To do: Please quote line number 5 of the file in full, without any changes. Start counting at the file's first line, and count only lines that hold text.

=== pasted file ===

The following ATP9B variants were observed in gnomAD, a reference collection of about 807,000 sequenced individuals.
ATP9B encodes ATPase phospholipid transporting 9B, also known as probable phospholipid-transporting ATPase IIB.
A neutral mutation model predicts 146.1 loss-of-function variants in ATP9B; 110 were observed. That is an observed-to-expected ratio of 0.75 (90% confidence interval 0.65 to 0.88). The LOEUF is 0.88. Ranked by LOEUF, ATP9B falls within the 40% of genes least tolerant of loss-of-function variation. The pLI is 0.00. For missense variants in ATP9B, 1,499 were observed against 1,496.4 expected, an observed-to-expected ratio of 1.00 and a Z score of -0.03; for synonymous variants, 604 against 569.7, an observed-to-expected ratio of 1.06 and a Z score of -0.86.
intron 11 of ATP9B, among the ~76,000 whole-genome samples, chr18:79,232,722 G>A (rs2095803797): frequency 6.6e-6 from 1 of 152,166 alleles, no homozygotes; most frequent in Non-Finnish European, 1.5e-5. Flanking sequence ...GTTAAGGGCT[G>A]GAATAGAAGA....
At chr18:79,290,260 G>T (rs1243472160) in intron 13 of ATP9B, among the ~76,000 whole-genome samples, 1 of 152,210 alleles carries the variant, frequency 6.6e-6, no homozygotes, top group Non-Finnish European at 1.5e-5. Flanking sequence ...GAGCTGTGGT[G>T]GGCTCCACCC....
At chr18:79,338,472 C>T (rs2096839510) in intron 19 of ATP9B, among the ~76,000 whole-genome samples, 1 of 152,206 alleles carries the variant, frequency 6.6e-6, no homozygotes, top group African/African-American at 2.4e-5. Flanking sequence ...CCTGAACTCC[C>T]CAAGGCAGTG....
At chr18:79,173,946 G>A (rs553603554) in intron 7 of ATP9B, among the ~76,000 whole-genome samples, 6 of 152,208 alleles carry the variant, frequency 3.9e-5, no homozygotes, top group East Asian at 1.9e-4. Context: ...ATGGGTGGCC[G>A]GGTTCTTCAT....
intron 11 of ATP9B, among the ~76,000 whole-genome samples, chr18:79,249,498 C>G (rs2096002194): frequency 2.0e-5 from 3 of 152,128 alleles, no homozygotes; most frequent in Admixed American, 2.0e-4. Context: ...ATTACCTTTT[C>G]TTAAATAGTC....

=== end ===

At chr18:79,290,260 G>T (rs1243472160) in intron 13 of ATP9B, among the ~76,000 whole-genome samples, 1 of 152,210 alleles carries the variant, frequency 6.6e-6, no homozygotes, top group Non-Finnish European at 1.5e-5. Flanking sequence ...GAGCTGTGGT[G>T]GGCTCCACCC....